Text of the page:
How To Create A Flower Border With Year-round Interest
Have you ever wondered how to add year-round interest into your perennial flowerbeds? I know, I know. We love perennials and their abundant blooms. However, when their peak time is over, it often means that it's really over.
If you want to use mainly perennials in your planting area, I'll suggest you add some evergreen 'structural ribbons' to highlight and frame the flowering perennials.
Inspiration From Orchard Beds
When I was traveling in New England, US. I visited the Green Animals Topiary Garden in Portsmouth, RI … and was totally charmed by their Orchard beds. 11 crabapples were underplanted with perennials and low-clipped English boxwood edging framing the gravel paths. It had a simple, rectangular layout, but ah, it was so effective! I liked the abundance of simple mass planting of pink asters in the fall. The thing that made the composition so strong were the repeated clipped low hedges. You can use the same idea on a larger area like in this garden or on your singular planting area. Just imagine it without the paths.
Why Use Low-clipped Evergreen Hedges In Your Flower Border
One of the main reasons for using low-clipped evergreen hedges among your flowering perennials is to add a layer of extra interest that stays year-round.
The 'ribbons' planted of evergreen hedges have many benefits like giving:
- structure for winter
- rhythms for the eye
- inspirational framework to plant with perennials
All great reasons.
To succeed in creating this kind of planting area, focus on the following three points:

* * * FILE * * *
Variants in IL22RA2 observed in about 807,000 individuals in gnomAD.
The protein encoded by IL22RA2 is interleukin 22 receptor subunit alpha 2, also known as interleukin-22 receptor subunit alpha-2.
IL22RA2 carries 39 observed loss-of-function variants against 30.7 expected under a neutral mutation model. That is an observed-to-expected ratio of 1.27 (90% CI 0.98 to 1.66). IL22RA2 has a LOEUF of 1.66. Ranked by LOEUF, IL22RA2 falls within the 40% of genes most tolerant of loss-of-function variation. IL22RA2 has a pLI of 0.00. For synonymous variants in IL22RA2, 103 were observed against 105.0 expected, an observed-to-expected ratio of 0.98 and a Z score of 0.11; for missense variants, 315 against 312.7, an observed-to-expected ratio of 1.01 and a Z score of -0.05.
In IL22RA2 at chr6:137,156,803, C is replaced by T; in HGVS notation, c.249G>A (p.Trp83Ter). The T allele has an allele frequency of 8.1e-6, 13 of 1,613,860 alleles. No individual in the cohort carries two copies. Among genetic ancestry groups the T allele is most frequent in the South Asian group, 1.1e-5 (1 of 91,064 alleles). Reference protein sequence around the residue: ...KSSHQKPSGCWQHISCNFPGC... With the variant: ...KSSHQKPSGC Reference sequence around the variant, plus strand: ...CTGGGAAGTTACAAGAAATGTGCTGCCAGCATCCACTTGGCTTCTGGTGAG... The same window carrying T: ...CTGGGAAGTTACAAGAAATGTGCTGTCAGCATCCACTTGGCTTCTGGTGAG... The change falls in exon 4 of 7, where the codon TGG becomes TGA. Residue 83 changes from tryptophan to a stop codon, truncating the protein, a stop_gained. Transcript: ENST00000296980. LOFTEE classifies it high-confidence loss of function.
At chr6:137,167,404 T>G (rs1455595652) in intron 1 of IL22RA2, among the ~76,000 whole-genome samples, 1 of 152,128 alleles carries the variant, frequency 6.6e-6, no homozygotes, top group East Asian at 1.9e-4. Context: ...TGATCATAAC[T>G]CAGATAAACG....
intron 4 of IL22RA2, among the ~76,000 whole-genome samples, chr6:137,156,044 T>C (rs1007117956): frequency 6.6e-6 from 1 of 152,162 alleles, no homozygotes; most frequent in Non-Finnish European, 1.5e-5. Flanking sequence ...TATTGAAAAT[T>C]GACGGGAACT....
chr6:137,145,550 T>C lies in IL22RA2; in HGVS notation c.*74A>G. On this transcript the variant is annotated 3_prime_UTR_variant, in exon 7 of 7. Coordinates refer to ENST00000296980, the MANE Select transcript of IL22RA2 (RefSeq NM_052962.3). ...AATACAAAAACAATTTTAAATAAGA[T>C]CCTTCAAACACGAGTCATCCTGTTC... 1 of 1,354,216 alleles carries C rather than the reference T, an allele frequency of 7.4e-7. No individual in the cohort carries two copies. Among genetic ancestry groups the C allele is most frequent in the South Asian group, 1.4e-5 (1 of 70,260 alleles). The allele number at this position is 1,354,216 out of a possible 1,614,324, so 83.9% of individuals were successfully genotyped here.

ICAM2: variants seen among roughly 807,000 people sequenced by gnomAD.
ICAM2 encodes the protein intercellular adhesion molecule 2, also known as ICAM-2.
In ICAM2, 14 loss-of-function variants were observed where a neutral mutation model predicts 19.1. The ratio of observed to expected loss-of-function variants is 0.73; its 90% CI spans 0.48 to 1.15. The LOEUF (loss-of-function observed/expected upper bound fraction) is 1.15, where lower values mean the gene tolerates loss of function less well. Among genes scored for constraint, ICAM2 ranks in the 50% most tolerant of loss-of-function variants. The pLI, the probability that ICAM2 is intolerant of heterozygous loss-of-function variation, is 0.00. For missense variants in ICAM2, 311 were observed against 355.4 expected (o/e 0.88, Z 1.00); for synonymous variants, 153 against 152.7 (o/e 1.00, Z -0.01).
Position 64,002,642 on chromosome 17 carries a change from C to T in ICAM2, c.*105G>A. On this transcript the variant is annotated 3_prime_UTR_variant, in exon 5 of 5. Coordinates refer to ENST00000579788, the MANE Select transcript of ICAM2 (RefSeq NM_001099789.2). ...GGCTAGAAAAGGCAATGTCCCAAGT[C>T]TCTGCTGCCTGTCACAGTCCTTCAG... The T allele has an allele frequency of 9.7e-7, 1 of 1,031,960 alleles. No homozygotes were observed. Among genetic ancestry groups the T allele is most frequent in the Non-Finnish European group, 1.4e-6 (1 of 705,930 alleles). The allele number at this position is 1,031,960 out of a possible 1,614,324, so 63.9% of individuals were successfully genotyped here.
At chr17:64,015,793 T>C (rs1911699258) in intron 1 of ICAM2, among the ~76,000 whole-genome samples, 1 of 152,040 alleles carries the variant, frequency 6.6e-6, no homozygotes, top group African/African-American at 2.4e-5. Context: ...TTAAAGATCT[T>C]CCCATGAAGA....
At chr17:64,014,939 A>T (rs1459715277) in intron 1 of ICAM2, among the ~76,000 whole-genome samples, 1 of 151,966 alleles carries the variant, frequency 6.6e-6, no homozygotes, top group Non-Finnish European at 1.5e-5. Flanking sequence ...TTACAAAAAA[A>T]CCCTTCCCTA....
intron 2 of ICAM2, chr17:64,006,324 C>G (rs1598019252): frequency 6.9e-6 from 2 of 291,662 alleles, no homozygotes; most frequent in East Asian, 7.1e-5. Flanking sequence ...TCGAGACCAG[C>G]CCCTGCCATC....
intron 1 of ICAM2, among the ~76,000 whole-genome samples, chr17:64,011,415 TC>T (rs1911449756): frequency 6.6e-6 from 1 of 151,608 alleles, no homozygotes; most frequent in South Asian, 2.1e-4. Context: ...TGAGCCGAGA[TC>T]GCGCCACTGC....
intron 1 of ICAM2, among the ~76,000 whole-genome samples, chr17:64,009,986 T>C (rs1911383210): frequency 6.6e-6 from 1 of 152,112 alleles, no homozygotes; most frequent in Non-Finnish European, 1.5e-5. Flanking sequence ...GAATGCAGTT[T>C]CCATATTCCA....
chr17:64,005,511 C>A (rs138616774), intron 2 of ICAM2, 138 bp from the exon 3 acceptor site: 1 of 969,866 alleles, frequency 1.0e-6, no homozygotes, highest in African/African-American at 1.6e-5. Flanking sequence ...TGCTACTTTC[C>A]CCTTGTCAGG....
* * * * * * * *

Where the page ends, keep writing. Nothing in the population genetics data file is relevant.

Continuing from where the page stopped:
1. Choose suitable shapes for your flower border
Another thing to consider is to decide what kind of lines you want to use to make divisions into your flowerbeds? Do you want to use straight lines or flowing curves? Do they divide the flower border diagonally or align with the border's front?
2. Consider the needed number of 'structural ribbons'
And how many lines are you going to add? Do you have room for 2, 3, 4, or even 5? If you have space for an odd number of clipped hedges, you could use 3 or 5 of them. If you had room for a regular number of lines, I would place them asymmetrically - not from one end to the other.
3. Choosing perennials to match with your low clipped hedges
The third thing to consider is the plants you're going to use to' color' between your lines. You can consider having a mixture of plant varieties for a season or more uniform mass planting that will dramatically change from spring to summer and fall.
When we visited the Green Animals Topiary Garden in October, the prominent flowering plants were pink asters. Depending on your garden style, you could also use a mixture of grasses and perennials. The more restricted the plant palette you're using, the more critical it is to choose plants for their long season.
How about those trees
Instead of crabapple, you might have room for a multi-stemmed Amelanchier or small crafted lilacs. Or you can go without any trees if you want to.
There you have it! Now you know how to use evergreen clipped low hedges to add more impact and year-round interest into your flower beds. This idea works great for all garden styles, from romantic to natural and modern. Use the essential style principles to create the evergreen structure with shapes perfect for your own garden style. Take the Garden Style Quiz & download your FREE guide, and you can start creating! Simply click >> HERE. <<
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